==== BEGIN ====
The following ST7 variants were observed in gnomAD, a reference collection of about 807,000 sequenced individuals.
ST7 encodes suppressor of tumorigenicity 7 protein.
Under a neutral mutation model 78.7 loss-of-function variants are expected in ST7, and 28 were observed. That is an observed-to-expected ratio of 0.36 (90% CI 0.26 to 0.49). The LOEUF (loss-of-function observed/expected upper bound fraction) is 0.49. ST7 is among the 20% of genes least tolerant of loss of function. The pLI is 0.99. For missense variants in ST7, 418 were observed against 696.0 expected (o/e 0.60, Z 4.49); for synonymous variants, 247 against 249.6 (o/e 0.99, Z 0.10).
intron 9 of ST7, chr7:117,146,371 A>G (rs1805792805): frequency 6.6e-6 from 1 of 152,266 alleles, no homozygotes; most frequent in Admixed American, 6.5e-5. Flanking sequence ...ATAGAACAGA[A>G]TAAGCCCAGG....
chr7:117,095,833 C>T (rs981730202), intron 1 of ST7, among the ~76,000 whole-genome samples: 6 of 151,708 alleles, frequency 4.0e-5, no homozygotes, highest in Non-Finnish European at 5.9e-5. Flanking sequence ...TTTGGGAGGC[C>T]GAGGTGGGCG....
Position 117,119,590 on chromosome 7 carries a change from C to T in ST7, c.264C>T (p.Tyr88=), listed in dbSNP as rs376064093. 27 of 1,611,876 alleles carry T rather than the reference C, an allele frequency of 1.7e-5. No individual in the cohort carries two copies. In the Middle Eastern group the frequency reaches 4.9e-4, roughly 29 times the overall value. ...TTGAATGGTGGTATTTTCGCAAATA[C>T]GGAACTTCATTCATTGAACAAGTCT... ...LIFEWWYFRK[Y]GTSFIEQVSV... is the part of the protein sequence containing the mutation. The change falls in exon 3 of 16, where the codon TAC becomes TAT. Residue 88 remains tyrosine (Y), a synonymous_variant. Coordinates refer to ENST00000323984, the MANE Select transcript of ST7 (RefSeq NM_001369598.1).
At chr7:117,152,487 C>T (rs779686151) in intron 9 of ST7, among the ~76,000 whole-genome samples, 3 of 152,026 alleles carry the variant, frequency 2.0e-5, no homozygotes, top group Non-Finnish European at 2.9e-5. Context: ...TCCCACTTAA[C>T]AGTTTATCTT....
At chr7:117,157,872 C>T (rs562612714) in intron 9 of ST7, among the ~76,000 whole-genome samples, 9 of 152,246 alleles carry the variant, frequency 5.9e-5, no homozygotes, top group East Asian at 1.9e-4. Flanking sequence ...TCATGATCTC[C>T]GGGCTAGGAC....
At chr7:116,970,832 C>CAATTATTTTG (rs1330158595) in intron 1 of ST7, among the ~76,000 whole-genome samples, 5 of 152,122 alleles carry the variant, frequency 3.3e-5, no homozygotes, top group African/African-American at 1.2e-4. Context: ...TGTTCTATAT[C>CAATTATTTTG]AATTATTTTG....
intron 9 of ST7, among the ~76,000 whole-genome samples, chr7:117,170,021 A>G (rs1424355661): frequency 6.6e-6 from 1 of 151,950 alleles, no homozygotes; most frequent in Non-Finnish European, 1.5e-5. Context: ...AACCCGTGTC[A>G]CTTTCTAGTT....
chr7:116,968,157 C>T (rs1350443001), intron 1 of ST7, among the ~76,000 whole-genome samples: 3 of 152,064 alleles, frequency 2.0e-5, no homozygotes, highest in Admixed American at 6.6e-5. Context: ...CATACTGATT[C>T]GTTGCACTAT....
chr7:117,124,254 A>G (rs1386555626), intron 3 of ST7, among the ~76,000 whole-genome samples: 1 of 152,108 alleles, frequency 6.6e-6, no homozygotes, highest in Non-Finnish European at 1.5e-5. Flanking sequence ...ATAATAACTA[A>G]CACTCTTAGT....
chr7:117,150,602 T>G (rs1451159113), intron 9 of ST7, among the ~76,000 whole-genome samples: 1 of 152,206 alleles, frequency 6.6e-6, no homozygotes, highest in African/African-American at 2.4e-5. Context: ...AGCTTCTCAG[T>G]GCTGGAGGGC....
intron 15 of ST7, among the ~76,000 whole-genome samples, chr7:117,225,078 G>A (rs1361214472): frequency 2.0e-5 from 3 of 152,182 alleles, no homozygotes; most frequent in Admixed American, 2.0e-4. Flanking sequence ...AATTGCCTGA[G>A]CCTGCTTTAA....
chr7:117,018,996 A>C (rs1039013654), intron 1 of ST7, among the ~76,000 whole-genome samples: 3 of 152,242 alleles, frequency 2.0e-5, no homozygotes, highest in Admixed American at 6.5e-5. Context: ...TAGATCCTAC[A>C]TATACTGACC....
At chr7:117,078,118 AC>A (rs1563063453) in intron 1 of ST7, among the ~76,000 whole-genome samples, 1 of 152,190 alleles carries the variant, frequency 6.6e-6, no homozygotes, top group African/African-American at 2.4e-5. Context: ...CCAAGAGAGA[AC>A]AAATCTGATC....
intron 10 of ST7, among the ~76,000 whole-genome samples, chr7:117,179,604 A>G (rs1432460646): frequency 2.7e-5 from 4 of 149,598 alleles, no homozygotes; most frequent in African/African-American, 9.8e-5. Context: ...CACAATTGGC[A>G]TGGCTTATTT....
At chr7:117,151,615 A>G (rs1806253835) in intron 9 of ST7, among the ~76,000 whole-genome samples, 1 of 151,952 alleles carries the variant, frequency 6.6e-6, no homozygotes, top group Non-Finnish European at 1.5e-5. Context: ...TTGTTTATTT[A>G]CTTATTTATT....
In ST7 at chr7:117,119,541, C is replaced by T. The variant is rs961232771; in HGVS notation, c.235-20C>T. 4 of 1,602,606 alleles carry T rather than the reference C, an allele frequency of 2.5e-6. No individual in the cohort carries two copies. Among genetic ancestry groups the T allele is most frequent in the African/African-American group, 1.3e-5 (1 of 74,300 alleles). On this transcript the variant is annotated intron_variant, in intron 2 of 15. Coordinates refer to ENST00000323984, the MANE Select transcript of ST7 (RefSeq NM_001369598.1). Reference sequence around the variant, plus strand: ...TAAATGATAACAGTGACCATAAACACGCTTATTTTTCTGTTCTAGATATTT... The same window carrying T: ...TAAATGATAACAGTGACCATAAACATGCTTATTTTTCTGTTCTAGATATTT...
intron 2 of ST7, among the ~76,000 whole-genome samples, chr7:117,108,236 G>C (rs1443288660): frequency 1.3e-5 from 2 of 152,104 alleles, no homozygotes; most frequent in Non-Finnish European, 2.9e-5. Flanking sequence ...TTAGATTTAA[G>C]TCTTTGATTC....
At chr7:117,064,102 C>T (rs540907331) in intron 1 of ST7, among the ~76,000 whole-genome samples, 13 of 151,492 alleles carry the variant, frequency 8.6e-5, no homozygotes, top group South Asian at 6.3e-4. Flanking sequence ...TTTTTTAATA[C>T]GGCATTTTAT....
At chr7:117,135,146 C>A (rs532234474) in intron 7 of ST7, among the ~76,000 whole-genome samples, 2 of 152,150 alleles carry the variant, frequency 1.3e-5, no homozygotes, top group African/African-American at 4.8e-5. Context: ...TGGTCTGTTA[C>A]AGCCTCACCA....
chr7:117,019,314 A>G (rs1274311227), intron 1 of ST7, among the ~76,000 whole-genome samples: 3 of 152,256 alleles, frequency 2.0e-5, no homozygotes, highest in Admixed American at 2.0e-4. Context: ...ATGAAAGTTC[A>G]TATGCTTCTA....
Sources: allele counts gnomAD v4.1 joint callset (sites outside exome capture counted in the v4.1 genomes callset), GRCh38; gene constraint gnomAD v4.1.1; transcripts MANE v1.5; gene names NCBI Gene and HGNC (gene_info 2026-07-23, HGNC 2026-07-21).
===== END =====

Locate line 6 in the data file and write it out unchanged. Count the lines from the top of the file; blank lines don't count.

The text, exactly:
Position 117,119,590 on chromosome 7 carries a change from C to T in ST7, c.264C>T (p.Tyr88=), listed in dbSNP as rs376064093. 27 of 1,611,876 alleles carry T rather than the reference C, an allele frequency of 1.7e-5. No individual in the cohort carries two copies. In the Middle Eastern group the frequency reaches 4.9e-4, roughly 29 times the overall value. ...TTGAATGGTGGTATTTTCGCAAATA[C>T]GGAACTTCATTCATTGAACAAGTCT... ...LIFEWWYFRK[Y]GTSFIEQVSV... is the part of the protein sequence containing the mutation. The change falls in exon 3 of 16, where the codon TAC becomes TAT. Residue 88 remains tyrosine (Y), a synonymous_variant. Coordinates refer to ENST00000323984, the MANE Select transcript of ST7 (RefSeq NM_001369598.1).